Marietta takes time to remember Martin Luther King Jr.

Photos courtesy of the Special Collections of the Marietta College Legacy Library. On March 2, 1967, Dr. Martin Luther King Jr. spoke to a crowd of 3,000 at Marietta College. The title of his speech was “The Future of Integration,” and he called on the government to address the issues of poverty and housing. The original recording of King’s lecture is preserved in Special Collections.

The man would have been 92 years old on Friday.

But 54 years ago this coming April, he was assassinated.

Three days later, more than 400 Marietta residents and Marietta College students silently marched from Dawes Library at 1:30 p.m. and walked four abreast from Fifth Street to Putnam, down Putnam Street to East Muskingum Park.

(Photo courtesy of the Special Collections of the Marietta College Legacy Library)

Gathering at the Start Westward Monument, the crowd sang “When Jesus Wept.”

“When Jesus wept, the falling tear. In mercy flowed beyond all bound; When Jesus groaned, a trembling fear. Seized all the guilty world around.”

Eleven months before he was killed, the man they wept for had been greeted by then-Marietta College President Frank Duddy and shown to a pulpit in the Ban Johnson Field House sharing “The Future of Integration.”

(Photos courtesy of the Special Collections of the Marietta College Legacy Library)

Reverend Dr. Martin Luther King Jr. spoke to a crowd of 3,000 that March 1967 day in Marietta.

“It would be a wonderful thing if speakers all over our country could talk about the problem of racial injustice in terms of a problem that once existed but no longer exists,” he shared in that speech. “You see, a fact is merely the absence of contradiction, but truth is the presence of coherence. Truth is the relatedness of facts. Now it is a fact that we have come a long, long way, but it isn’t the whole truth. And if I stopped at this point, I am afraid I would leave you the victims of an illusion wrapped in superficiality, we would all go away the victims of dangerous optimism … I know that there are people who say to civil rights leaders and persons working for civil rights ‘You are pushing things too fast; you must slow up for a while.’ and then they have a way of saying: ‘Now just be nice and be patient and continue to pray, and in a hundred or two hundred years the problem will work itself out, because only time can solve the problem.'”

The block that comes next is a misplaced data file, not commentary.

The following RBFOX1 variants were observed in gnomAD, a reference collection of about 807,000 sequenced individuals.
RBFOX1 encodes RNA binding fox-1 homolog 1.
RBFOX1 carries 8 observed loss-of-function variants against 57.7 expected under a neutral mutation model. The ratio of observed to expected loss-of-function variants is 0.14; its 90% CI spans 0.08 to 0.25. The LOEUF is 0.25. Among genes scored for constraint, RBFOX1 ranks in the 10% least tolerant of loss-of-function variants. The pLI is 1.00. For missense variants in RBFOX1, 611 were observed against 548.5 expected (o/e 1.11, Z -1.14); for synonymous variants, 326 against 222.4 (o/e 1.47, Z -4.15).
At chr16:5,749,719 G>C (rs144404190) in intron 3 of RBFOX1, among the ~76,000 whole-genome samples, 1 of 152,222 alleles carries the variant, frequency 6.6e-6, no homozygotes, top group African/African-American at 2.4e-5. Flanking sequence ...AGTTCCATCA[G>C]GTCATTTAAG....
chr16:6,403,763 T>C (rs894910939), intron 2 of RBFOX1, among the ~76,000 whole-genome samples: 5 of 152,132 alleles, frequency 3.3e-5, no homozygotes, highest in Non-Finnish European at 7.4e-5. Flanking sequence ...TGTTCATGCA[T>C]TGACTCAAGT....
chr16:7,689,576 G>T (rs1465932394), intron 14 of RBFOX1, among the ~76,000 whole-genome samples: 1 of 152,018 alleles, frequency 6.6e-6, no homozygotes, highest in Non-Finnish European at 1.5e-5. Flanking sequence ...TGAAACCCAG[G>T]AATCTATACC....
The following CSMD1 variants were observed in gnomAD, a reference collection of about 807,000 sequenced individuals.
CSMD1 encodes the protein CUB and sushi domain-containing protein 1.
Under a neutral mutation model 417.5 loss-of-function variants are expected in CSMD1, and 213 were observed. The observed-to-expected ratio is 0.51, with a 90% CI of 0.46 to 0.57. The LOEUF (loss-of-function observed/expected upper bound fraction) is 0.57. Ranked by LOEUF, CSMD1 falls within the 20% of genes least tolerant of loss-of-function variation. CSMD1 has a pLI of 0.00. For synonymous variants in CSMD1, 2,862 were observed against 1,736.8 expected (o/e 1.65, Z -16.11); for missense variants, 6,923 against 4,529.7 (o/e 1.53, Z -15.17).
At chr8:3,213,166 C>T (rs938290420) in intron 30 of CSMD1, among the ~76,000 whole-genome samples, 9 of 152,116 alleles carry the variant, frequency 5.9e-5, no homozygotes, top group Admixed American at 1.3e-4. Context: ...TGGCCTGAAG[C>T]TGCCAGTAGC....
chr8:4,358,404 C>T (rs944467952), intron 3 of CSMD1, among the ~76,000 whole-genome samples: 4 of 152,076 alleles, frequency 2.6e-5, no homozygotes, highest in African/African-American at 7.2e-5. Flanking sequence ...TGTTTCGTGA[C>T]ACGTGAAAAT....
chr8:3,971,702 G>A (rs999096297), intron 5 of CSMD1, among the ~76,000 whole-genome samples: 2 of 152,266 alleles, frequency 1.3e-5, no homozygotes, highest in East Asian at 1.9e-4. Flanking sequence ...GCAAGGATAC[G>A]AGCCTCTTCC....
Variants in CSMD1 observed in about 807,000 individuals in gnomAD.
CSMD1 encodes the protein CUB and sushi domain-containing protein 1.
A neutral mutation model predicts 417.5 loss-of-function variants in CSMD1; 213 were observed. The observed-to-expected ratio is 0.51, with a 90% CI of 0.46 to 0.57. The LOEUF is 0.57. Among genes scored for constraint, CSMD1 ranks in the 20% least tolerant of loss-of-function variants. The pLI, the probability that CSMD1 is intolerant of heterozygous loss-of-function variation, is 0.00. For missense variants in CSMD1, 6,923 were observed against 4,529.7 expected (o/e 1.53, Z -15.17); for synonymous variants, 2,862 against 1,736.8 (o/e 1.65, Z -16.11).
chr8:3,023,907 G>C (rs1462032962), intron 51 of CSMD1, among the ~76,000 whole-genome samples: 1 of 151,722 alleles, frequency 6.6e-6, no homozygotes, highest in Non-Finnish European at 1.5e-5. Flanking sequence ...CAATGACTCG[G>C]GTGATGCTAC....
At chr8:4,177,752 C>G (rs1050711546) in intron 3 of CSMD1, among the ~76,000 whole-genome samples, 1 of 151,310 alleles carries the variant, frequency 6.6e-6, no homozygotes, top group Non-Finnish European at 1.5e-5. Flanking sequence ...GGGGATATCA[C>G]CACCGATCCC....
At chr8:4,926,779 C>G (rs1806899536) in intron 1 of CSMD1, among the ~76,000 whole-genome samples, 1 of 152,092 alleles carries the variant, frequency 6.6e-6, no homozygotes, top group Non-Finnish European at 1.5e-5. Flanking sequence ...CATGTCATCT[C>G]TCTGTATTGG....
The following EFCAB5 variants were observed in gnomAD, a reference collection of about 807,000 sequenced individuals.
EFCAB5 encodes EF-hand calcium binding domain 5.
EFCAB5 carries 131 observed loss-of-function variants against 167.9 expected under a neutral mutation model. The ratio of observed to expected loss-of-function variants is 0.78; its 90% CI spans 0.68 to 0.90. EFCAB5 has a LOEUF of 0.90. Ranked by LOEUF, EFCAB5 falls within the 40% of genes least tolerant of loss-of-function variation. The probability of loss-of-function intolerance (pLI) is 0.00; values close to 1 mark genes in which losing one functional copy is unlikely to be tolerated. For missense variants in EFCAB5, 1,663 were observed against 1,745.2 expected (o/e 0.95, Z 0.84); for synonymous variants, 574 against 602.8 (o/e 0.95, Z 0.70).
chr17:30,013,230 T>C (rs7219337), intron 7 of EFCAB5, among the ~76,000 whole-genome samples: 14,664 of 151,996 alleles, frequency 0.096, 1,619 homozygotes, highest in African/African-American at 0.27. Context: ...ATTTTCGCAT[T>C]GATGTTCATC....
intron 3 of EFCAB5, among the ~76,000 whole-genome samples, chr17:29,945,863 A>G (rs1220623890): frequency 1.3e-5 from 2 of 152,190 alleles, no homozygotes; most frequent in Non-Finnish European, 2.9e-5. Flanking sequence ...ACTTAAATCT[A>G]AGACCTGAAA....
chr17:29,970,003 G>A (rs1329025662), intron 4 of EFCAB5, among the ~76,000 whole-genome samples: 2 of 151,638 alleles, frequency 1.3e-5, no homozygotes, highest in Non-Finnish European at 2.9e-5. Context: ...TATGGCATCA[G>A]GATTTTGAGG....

Fifty-three years and 11 days after that speech in Southeast Ohio, another Southeast Ohio native was part of the raid that killed 26-year-old Breonna Taylor in her bed while she was asleep in Louisville, Ky.

This past fall, a resident of Logan, contrasted that death and the small town’s tie to one of the officers with that of the fallout Black police officer Chris Smith, of the Logan City Police Department, having utilized a taser to subdue a Marietta woman at a middle school football game.

See a future edition of the Times for that contrast.

Fifty-two years and 51 days after King’s assassination, the knee of another law enforcement officer concluded the life of another Black man as he cried out for his mother.

The death of George Floyd, 46, of Minneapolis, Minn., lit a match of nationwide protests, marches and demonstrations that reached Parkersburg, W.Va., on May 31, and Marietta the following weekend.

Thursday, Ohio Attorney General Dave Yost hosted an all-day human trafficking summit online.

See a future edition of the Times for coverage of the more than 15 topics covered in that summit.

But one of the workshops, offered by Morgan Whiting, considered colorblindness.

“Think about some of the times that you’ve heard those statements: ‘I don’t see color, we’re all equal,'” she challenged.

“By being colorblind you eliminate the real experiences that people that look like me have that is rooted in the color of their skin … being pulled over [and having] the fear of staying alive or not staying alive in that situation. You can also rid people of joy … the positive things that they have rooted in experiences they have, because of the color of their skin.”

Dr. Felix Burrows, 81, of Marietta, lives where he can see the same bricks that the Marietta community walked across as they silently marched to weep the death of Dr. King 52 years ago.

“I think something should be done when Martin Luther King’s birthday comes up, and the 15th of January? That’s a day,” he said Friday. “We need that every day.”

Burrows is a Black man.

He said he is tired, after years of bearing the torch for white, brown and Black people to see each other as human beings.

“What they want is to make it a ritual,” he said. “Well, it’s now getting around the Martin Luther King (holiday) let’s see what Black person we can get to come up and make a statement.”

Janelle Patterson may be reached at jpatterson@mariettatimes.com.


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